With reports that Ontario’s PC government is moving to chop the province’s health planning networks (Local Health Integration Networks or LHINs), the Ontario Council of Hospital Unions (OCHU) today urged the Premier and health minister to stop and focus instead on proper funding for hospitals and ending hallway medicine.
“Rather than a solution, the evidence shows from the last PC government’s experiment in the 1990s with restructuring, that it is a shell game and has never saved money,” says OCHU president Michael Hurley.
The previous PC government headed by Mike Harris had a special “restructuring commission” with one purpose to merge or close dozens of hospitals. The Auditor General revealed, however, that the mergers and hospital restructuring actually cost the province $3.2 billion dollars. That process was at least done with extensive community consultation – this hasn’t even got that going for it.
In terms of the overall health system budget, at $90 million yearly, the LHINs are not a big line item. “So, it does make one consider that shrinking health system coordination is a distraction from potential privatization and cuts to the health system,” says Hurley.
Dramatic cuts to the LHINs, says Hurley, may come with a radical shift in health care delivery. We are troubled that yet another round of health care restructuring will destabilize a fragile health system that has, for the last twenty years, endured what seems endless reform and failed privatization efforts. The last thing we need are more failed experiments with mass restructuring and privatization. Throughout all this change, it has been the dedication of hospital, long-term care, home care and front-line LHIN workers to patient care that’s kept services together.”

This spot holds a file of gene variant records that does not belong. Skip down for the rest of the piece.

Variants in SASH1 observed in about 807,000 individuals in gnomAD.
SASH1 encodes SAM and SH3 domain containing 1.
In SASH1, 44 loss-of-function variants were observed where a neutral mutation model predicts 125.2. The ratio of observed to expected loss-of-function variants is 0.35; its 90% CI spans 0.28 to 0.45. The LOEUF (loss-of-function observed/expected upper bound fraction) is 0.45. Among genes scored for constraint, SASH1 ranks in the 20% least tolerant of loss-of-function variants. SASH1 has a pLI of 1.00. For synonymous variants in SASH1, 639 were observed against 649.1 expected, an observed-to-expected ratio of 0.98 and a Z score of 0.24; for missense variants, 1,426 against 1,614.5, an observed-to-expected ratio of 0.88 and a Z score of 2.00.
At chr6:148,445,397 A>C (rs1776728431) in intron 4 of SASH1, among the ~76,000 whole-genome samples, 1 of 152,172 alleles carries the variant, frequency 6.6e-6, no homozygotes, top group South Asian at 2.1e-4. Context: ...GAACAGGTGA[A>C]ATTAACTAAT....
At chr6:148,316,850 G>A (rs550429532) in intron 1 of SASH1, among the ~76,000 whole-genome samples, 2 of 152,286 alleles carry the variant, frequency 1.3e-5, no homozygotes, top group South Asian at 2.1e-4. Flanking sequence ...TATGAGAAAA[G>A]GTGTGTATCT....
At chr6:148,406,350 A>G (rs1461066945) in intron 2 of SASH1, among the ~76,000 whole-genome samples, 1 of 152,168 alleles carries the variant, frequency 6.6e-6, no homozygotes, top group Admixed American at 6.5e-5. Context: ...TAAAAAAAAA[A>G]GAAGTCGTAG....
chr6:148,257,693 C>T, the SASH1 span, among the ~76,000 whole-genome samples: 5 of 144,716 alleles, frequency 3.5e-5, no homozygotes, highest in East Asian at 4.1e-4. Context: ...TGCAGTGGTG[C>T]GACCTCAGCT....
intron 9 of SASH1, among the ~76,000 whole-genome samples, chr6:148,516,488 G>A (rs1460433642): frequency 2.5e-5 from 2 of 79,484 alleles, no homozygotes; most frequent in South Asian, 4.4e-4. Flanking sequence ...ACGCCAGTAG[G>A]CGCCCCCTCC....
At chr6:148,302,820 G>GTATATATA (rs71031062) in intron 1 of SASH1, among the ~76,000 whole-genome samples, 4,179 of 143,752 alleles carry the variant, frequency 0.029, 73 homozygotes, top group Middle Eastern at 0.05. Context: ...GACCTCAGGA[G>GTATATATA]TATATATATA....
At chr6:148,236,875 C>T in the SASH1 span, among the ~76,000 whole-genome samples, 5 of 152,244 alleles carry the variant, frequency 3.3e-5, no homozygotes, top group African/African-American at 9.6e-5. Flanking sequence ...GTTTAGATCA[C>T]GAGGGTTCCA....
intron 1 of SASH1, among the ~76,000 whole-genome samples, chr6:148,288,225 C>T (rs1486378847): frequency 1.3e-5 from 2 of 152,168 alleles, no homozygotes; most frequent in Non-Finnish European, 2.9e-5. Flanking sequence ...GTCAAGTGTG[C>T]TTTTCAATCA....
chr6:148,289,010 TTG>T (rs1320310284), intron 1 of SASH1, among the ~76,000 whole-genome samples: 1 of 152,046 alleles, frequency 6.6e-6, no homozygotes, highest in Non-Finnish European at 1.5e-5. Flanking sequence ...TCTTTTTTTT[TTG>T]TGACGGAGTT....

In Ontario, OCHU with 30,000 hospital sector members, is the hospital division of the Canadian Union of Public Employees (CUPE). CUPE represents almost 2,000 LHIN staff. These members just went through a major restructuring when Community Care Access Centre front-line staff were transferred to the LHINs.
To suggest that the LHIN staff are all “managers” is to “grossly misrepresent what front-line staff at the health networks do on behalf of thousands of patients and their families every day. “The whole system is built to connect patients with home care and other services they need,” says Sheri McKeen, who heads CUPE’s LHIN group.